Arthur Kopit Essay - Kopit, Arthur (Vol. 1)

Kopit, Arthur (Vol. 1)

Kopit, Arthur 1937–

American playwright, author of Oh Dad, Poor Dad, Mama's Hung You in the Closet and I'm Feeling So Sad and Indians.

Mr. Kopit's purpose [in Indians] is to accuse the American people of the crime of genocide—to say that at the end of the 19th century the United States Government deliberately extinguished, or virtually extinguished, the Indian race. I presume that it is also to Mr. Kopit's purpose to see various other political parallels more immediate to our own time.

Clive Barnes, in New York Times (© 1968 by The New York Times Company; reprinted by permission), July 9, 1968.

Clearly, the destruction of the Indians—and the resulting burden on the American conscience—is not the main or the only theme of [Arthur] Kopit's play, [Indians]. What Kopit also wanted to show was the self-righteousness of a nation convinced that its mission is to bring Christianity and respectability to all the world and the streak of violence in a people raised on a tradition of gun-law in Dodge City saloons. In [a] television interview, Kopit said as much, although he was very careful not to pronounce the word he very obviously hinted at—Vietnam.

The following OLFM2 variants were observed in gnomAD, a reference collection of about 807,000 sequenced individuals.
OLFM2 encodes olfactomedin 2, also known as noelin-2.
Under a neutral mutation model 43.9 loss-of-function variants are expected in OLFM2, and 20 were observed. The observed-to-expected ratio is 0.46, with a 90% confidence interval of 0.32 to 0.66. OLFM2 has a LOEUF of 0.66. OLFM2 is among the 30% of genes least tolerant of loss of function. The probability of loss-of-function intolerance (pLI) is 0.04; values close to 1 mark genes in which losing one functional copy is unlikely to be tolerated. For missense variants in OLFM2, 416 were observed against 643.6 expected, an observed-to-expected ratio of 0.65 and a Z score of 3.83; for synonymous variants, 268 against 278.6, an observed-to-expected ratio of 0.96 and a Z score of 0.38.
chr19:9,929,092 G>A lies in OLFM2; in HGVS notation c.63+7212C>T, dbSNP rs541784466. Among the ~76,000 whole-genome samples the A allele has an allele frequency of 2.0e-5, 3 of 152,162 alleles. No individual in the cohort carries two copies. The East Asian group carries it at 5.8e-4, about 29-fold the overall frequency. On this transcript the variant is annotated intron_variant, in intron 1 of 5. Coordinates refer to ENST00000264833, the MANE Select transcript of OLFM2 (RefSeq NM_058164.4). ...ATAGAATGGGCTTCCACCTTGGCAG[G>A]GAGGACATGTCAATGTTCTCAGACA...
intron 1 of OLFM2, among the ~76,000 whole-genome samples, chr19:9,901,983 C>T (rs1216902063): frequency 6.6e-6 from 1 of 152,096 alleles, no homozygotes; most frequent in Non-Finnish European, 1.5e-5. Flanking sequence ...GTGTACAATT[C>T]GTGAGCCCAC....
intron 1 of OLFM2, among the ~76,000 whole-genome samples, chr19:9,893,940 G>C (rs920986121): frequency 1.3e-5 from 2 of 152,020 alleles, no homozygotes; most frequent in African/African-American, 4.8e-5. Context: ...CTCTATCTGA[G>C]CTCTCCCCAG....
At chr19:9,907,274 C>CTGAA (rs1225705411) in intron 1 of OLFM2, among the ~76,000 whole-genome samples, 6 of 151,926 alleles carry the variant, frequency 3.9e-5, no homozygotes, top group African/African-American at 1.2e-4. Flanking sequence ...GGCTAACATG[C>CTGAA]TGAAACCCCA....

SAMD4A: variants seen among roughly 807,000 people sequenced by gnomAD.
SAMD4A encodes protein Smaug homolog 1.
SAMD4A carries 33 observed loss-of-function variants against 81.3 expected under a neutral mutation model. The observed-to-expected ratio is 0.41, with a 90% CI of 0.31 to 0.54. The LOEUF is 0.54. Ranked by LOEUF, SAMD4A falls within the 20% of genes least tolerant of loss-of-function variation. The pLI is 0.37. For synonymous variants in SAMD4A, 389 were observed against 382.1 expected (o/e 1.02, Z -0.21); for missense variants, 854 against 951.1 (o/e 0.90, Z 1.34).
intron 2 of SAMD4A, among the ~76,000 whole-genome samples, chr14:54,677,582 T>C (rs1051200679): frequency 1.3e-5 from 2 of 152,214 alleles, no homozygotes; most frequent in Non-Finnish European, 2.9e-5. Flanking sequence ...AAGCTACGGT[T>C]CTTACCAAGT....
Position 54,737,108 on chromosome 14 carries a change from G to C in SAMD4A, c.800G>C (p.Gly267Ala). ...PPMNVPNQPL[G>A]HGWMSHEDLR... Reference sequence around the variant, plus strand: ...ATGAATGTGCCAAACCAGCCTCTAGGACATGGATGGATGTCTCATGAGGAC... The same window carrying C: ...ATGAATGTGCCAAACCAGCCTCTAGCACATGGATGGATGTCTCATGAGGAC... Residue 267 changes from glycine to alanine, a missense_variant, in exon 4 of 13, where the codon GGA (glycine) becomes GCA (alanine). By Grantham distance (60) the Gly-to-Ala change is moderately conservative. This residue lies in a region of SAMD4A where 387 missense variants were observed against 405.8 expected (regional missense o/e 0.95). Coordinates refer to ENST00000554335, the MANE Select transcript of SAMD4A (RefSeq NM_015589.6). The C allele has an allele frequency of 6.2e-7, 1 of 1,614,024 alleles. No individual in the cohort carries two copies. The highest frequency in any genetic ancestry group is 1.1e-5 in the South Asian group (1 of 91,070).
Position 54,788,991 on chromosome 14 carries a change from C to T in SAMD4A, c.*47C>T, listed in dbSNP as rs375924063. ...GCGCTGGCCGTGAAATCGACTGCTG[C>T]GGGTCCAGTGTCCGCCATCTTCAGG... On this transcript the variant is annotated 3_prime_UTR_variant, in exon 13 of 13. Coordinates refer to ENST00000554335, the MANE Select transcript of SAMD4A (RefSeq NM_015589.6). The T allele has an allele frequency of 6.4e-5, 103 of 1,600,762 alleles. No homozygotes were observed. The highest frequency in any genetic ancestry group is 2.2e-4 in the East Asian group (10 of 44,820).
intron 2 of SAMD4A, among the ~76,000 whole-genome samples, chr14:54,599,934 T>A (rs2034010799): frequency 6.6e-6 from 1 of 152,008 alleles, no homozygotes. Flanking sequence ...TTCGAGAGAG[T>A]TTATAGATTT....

Martin Esslin, in New York Times (© 1968 by The New York Times Company; reprinted by permission), July 21, 1968.

Indians … is an essay in the Brechtian manner, prettied up a bit. Brecht believed (and he may well have been right) that audiences are like children, needing to be taught simple lessons in an uncomplicated way.

John Bowen, "Shouting and Dancing About," in London Magazine, October, 1968, pp. 81-5.

Indians does not hitch Marxian economics to a Wild West star. But in the nightmare of the American conscience it is Kopit's brilliant creation which renders incarnate the relationship of myth to the national guilt over its territorial misdemeanors, as it does the romantic heroes made necessary by the captalist syndrome….

Most American playwrights are not at home with ambiguity; but Kopit does not reveal everything. He lets the stage world create the irony and the audience draw connections. [Indians] demands complexity, not simplicity of vision. In the melodramatic tradition, the Indian was the violent opponent. The theatre an examination. Kopit illustrates this with Buffalo also an exercise in anticipation, an escape instead of catered to popular fantasy. The act of distortion was Bill and his Wild West Show.

John Lahr, "Arthur Kopit's 'Indians': Dramatizing National Amnesia," in Evergreen Review, October, 1969, pp. 19-21, 63-7.

Arthur Kopit writes plays the way one writes for undergraduate humor magazines: cheekily, boisterously, with lipsmacking condescension, yet for all that innocently: there is something winsomely apple-cheeked about the most barbed indictments of the play. Indians draws rude grafitti, but does not draw blood.

John Simon, "Senators Vs. Braves," in New York Magazine, October 27, 1969, p. 67.